Grier, Nelson, Clifford, Daniel, Curtis, and Blatchford, and by the following judges of the Circuit Courts, viz., Judges Woodruff, Shepley, Lowe11, Blatchford, Benedict, Drummond, Nelson, Dillon, and Wheeler, and by the following judges of the Supreme Court of the District of Columbia, viz., Judges Cranch, Morsell, Merrick, Dunlop, and Fisher, and by the long line of Patent Commissioners from 1839 to 1870, and has been recognized by all textbooks and counsel learned in patent law."
"Fourth. The principles laid down by this court in a number of decisions within a few years past (referred to in the brief) in applying the doctrine of stare decisis to the construction of statutes would, as your petitioners respectfully but confidently suggest (if attention has been properly called to the great and uniform current of authorities upon it and the extent to which private rights granted under it have reposed upon confidence in its permanency), have led the Court, whatever might have been its own view of this section, to have left its long-settled construction undisturbed; and that the rule laid down in United States v. Pugh, 99 U. S. 265, would have been followed, in which case it was said, as to the construction of a statute:"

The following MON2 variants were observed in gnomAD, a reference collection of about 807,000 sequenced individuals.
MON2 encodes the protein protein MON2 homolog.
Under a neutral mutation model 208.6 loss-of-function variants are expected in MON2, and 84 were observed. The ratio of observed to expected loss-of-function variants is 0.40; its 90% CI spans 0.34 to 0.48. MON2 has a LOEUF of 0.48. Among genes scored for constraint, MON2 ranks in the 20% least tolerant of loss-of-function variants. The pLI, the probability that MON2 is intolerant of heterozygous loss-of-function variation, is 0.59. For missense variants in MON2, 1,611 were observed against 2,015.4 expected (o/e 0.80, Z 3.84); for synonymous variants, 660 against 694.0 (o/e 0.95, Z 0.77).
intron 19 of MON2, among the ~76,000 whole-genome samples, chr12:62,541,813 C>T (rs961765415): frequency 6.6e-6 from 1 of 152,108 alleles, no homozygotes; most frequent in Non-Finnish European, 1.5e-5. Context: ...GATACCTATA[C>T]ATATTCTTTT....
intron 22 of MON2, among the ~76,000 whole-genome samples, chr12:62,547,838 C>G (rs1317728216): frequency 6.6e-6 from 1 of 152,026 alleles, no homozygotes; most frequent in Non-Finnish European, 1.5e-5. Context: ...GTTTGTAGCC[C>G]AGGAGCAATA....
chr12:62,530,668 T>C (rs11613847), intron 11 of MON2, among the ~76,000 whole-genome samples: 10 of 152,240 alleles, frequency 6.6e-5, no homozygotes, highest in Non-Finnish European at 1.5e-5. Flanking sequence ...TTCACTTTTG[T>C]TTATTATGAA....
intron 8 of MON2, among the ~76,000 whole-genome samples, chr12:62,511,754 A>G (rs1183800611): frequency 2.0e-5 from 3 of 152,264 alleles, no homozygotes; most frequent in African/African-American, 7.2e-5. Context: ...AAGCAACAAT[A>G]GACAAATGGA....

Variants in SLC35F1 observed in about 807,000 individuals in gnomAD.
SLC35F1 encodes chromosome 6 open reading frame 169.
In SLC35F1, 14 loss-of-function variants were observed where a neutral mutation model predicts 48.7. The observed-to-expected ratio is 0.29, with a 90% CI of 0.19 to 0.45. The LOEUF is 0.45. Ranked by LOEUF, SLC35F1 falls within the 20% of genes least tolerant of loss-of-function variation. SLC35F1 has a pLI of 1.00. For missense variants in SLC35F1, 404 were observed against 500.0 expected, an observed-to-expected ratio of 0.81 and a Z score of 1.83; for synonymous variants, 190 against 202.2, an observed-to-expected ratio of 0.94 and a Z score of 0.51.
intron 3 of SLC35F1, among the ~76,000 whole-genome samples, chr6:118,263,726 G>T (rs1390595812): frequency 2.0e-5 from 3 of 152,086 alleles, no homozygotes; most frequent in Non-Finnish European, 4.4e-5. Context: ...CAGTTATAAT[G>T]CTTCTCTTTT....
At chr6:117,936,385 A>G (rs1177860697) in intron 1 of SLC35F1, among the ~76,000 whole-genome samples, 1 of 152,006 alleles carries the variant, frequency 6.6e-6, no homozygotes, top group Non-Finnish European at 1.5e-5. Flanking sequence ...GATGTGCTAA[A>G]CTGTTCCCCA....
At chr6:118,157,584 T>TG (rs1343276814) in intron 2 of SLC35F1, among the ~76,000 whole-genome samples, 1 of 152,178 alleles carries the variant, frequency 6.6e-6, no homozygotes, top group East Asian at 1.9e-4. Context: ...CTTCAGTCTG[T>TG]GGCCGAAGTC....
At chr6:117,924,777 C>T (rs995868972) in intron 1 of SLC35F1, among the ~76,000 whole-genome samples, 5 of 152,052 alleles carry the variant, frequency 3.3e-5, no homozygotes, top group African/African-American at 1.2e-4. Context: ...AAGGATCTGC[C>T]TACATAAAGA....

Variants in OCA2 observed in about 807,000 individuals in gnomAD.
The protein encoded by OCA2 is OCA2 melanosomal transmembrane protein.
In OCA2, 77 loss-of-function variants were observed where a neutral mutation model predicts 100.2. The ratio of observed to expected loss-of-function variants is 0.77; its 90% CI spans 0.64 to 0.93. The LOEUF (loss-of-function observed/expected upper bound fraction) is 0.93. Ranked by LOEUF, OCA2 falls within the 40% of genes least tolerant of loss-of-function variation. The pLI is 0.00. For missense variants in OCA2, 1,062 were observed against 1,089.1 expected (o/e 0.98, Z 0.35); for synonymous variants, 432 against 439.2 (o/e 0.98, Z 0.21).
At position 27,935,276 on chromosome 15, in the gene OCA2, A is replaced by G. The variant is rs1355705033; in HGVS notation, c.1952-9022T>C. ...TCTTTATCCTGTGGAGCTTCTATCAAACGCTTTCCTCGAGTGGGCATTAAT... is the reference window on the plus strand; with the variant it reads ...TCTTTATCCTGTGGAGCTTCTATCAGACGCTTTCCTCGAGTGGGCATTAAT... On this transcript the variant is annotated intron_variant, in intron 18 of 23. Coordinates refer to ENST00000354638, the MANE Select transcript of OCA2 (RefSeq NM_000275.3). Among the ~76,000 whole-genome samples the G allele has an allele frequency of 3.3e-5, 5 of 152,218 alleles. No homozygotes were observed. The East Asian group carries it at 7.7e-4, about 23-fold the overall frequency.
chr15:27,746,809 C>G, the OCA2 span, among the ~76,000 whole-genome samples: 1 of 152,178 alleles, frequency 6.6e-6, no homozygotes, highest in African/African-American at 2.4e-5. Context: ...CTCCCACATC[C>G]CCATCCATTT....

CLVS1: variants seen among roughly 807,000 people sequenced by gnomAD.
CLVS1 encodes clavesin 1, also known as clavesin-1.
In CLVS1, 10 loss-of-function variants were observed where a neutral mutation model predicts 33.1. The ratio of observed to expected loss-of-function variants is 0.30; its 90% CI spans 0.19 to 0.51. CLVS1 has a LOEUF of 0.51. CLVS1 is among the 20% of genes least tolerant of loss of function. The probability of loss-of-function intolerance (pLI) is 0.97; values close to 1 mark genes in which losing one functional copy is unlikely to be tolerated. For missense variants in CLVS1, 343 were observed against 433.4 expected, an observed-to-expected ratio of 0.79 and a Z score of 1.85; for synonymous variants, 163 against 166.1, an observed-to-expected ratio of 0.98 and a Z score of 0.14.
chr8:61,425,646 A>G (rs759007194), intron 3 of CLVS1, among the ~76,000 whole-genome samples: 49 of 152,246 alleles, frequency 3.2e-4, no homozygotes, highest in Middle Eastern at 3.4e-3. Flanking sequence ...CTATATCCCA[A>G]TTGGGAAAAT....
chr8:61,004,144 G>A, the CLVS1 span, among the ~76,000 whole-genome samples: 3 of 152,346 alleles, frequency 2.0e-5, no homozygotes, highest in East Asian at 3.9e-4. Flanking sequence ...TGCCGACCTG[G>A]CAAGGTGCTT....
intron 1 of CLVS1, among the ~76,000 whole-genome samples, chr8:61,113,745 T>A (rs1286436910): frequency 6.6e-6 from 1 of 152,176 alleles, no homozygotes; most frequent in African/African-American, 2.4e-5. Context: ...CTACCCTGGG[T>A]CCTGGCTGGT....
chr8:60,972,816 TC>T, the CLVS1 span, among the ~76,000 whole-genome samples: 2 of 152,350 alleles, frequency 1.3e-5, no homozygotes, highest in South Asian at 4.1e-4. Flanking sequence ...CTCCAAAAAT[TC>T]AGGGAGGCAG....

" While therefore the question is one by no means free from doubt, we are not inclined to interfere at this late day with a rule which has been acted upon by the Court of Claims and the exec active for so long a time."
"Fifth. The counsel of your petitioners, in their confidence in this construction so long settled, failed to explain to the court, in making their admission as to use, that it was not at all a general use by others, but only the use of a few wells in the town where Green made the invention, by Lieutenant Mudge, a subordinate of his regiment, and Kludge's hired man, Suggett, who derived knowledge through Green's experiments, and who were afterwards defeated in the Patent Office as contestants with him, upon full proof of the public use they had made without his consent or knowledge, and that that use was surreptitious and a piracy of his invention."
"Sixth. The construction of the section, as now made by the Court, overthrowing the uniform decisions which your petitioners now submit for consideration would produce the evils
and hardships pointed out in the decisions cited, and would, in the case of all patents governed by the act of 1839, cause all specific articles surreptitiously made before application to be protected, and all patents to be invalidated by two years' use by a pirate of the invention, contrary to equity, and to the real object of the statute as defined in all the cases in which it has been construed, whereas not even under the present act can the patentee be deprived of his franchise by a surreptitious prior use."